As with so many problems raised here, it is really about sitting down and talking.

humptydumpty Tue 08-May-18 12:16:22

If there is enough time I would tell them that you would only babysit on condition that you bring the dog, and that they need to make their own arrangements for transport - taking advantage IMO, frankly!

sarahcyn Tue 08-May-18 13:56:22

It's totally up to you if you do evening babysitting for your son as well as looking after your dgd in the week, which you presumably aren't paid for either.
Personally I do not think you should feel at all guilty if you prefer to spend the evening at home with your dear dog. But I'm not a grandparent yet.
My dog is fine with being left alone for an evening as long as he's had a walk and been fed, but many dogs get stressed and bark all evening.
Hear hear, merlotgran.

Smileless2012 Tue 08-May-18 17:28:48

I wouldn't leave my dogs alone for 7 hours. I agree with those who've suggested that your DGD stays at your house or they find someone else to baby sit.

cornishclio Tue 08-May-18 17:30:34

7 hours is a long time to leave a dog. Can one of you stay home with the dog and the other babysit? Tell your son to take a taxi. I see your point about the DGD being ok with the dog when you are looking after her presumably at your house? Maybe they just don't want the dog in the house rather than being worried it will be an issue with DGD?

Witzend Tue 08-May-18 19:20:44

I would tell them to find an alternative babysitter. But then my dd/son in law would never object to a well behaved dog, even if we still had one.

When we did have a dog, I wouldn't invite anyone who didn't like them, or who expected us to shut her away while they were there.

While still a student a dd once brought a male friend - who didn't like dogs - to stay. Apparently dd told him beforehand, 'You'll have to pretend to like our dog or my mum will hate you!'
He did, and I didn't hear this till later!

Bluegal Tue 08-May-18 20:37:53

I had something similar. I refused to leave my dog as he is as much a part of my family as my grandchildren are! He’s also less trouble lol. Up to you OP but for me I would tell them you can’t leave him for so long so if they want a babysitter and lifts etc then dog needs to come.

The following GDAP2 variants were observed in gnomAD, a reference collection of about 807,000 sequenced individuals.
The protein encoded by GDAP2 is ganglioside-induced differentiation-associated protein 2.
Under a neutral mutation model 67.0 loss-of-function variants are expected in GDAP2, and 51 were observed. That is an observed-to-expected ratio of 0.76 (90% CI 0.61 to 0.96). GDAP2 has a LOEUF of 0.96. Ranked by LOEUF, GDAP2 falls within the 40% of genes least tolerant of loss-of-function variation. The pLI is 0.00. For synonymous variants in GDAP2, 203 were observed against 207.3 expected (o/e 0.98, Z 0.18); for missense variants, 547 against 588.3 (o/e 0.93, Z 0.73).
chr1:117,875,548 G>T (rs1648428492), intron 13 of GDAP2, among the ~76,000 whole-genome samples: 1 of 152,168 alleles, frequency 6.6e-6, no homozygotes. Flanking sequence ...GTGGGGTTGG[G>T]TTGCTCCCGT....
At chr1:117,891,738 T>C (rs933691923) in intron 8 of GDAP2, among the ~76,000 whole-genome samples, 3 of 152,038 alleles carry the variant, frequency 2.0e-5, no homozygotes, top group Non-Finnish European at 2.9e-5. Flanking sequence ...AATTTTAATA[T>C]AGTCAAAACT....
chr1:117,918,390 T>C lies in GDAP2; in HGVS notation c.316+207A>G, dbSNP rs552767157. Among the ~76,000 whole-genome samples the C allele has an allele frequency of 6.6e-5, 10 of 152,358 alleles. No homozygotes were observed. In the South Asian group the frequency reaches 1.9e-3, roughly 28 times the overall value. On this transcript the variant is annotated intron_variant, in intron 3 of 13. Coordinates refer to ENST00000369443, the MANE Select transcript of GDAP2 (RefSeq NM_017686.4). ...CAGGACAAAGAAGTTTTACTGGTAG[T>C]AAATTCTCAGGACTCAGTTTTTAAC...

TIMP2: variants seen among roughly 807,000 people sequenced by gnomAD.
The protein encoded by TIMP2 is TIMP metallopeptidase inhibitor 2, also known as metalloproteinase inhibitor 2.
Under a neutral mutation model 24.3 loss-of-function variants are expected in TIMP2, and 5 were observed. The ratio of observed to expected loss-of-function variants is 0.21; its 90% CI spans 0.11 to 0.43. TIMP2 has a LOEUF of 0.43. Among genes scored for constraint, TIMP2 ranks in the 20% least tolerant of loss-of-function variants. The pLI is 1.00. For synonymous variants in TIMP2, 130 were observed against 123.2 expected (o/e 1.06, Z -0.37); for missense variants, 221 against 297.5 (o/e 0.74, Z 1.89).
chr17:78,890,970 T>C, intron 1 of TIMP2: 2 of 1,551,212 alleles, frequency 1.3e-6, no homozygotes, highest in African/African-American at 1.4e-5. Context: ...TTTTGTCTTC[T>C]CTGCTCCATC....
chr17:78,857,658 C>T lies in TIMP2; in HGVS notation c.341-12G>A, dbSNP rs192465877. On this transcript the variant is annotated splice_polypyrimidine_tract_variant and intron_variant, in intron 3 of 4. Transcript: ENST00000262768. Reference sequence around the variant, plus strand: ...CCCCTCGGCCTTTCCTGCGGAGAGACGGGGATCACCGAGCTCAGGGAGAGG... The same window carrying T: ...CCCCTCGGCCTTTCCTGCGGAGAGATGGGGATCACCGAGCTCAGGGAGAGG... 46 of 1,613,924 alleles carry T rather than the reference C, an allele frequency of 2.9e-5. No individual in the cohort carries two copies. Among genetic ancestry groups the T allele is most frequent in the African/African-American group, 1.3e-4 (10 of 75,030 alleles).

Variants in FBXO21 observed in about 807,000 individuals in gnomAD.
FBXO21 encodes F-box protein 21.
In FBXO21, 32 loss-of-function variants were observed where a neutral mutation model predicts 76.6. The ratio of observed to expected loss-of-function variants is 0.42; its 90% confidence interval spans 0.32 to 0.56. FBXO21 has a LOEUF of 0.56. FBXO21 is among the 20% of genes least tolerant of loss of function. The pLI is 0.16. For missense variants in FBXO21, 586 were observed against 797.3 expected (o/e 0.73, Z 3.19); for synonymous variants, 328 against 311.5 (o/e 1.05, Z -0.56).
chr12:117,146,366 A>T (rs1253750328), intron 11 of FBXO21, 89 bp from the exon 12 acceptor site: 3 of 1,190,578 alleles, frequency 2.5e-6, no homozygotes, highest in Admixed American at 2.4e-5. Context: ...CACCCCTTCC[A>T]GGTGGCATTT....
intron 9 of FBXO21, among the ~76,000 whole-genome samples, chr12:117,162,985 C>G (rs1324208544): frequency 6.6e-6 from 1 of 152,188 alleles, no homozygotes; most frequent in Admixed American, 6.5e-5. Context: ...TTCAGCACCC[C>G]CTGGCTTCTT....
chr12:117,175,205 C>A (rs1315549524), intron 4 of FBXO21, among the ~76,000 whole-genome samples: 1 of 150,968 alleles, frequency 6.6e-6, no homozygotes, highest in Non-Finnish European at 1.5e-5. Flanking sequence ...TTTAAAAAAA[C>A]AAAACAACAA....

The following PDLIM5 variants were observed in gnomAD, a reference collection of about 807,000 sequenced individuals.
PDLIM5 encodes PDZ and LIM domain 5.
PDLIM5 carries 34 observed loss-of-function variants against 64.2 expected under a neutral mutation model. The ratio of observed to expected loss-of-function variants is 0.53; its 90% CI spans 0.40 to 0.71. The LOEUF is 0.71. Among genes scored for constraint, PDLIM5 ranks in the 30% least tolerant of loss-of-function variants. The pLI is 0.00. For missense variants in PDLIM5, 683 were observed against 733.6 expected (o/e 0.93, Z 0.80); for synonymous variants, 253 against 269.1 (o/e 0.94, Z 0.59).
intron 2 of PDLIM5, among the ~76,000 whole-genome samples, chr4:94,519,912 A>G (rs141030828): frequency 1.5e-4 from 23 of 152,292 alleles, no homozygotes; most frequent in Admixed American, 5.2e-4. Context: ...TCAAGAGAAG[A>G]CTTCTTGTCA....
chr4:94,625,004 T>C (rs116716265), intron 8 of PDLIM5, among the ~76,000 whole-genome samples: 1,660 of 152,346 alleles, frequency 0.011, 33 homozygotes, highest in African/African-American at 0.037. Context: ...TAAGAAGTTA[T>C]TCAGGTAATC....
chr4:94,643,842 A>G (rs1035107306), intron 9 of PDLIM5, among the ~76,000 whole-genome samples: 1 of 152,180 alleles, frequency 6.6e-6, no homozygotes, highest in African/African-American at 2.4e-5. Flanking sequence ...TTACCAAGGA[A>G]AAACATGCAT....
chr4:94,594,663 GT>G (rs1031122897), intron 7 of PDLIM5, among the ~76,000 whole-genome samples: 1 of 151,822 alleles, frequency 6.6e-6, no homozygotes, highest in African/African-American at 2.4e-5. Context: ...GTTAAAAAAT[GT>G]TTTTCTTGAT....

Wend28 Wed 09-May-18 17:42:31

I wouldn’t leave my dog that long, more to the point my kids wouldn’t have expected me to either. You take on a pet, they become part of the family. Love me love my dog.

agnurse Thu 10-May-18 01:04:11

I think, though, that if you don't want to leave the dog you can simply tell them you can't baby-sit. Personally I would not be comfortable with my parents or anyone bringing a dog to our house, primarily because one of our cats is afraid of dogs. (One has been around a dog before the other one tried to make friends with a dog once.) But if my parents said they didn't want to leave the dog, that would be their right and I would respect that. (Speaking hypothetically. My parents don't have a dog. They have two cats and are caring for my brother's cat for a few months as well. Before anyone throws a fit - brother is in police training and is living on site for 6 months so can't take the cat with; he will collect her when he returns.)

OldMeg Thu 10-May-18 07:09:39

I have a dog sister. My next door neighbour’s 14-year old daughter comes in to dog-sit if we are going out at night. Our two ‘new’ (rescue) dogs have yet to settle in and not bark if they hear noises in the street. So having this young person stay with them solves the problem.

Alexa Thu 10-May-18 08:19:43

What is the substance of his objection to the dog? Is it fleas? Biting the baby? Unkind to small dog to turn a toddler loose on it? Dog hairs on sofa? Neighbours object to dog? Has a resident cat/rabbit/cage bird? Doesn't have a garden for the dog's use? Fears that the dog will commit suicide by jumping from the seventh floor balcony?